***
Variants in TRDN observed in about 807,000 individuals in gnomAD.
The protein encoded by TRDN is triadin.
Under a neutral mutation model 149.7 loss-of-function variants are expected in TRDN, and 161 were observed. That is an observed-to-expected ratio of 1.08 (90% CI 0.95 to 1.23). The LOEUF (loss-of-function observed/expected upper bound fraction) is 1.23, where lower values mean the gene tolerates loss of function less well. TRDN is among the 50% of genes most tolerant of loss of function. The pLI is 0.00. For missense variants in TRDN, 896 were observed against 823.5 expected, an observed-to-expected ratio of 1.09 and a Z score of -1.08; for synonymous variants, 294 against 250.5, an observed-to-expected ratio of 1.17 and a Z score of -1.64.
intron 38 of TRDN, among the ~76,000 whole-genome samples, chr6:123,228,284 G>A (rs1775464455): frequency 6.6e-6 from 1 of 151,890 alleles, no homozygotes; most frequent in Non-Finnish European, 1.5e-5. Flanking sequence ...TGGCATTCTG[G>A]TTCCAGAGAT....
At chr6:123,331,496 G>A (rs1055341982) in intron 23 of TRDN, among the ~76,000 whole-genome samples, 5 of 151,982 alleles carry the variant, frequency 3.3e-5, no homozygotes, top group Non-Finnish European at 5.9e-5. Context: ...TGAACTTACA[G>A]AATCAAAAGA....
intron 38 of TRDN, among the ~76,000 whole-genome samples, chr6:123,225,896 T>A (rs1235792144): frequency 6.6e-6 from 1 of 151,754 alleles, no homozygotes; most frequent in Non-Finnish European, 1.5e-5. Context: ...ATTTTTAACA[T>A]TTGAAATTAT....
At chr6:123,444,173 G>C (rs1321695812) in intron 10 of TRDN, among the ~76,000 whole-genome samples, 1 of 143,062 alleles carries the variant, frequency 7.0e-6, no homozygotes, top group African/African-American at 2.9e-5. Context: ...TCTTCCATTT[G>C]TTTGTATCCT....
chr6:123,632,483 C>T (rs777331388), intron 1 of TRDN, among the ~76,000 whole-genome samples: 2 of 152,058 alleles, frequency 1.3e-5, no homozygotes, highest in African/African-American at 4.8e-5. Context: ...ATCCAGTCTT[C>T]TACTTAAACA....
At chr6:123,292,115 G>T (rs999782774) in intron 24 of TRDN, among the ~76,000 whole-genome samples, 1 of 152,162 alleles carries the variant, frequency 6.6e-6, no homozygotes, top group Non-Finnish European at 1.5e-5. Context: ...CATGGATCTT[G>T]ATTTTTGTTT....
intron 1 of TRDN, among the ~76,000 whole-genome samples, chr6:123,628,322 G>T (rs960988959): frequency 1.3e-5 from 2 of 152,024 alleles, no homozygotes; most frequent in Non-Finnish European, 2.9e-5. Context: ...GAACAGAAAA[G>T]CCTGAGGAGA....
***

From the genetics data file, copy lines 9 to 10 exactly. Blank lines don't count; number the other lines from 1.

At chr6:123,292,115 G>T (rs999782774) in intron 24 of TRDN, among the ~76,000 whole-genome samples, 1 of 152,162 alleles carries the variant, frequency 6.6e-6, no homozygotes, top group Non-Finnish European at 1.5e-5. Context: ...CATGGATCTT[G>T]ATTTTTGTTT....
intron 1 of TRDN, among the ~76,000 whole-genome samples, chr6:123,628,322 G>T (rs960988959): frequency 1.3e-5 from 2 of 152,024 alleles, no homozygotes; most frequent in Non-Finnish European, 2.9e-5. Context: ...GAACAGAAAA[G>T]CCTGAGGAGA....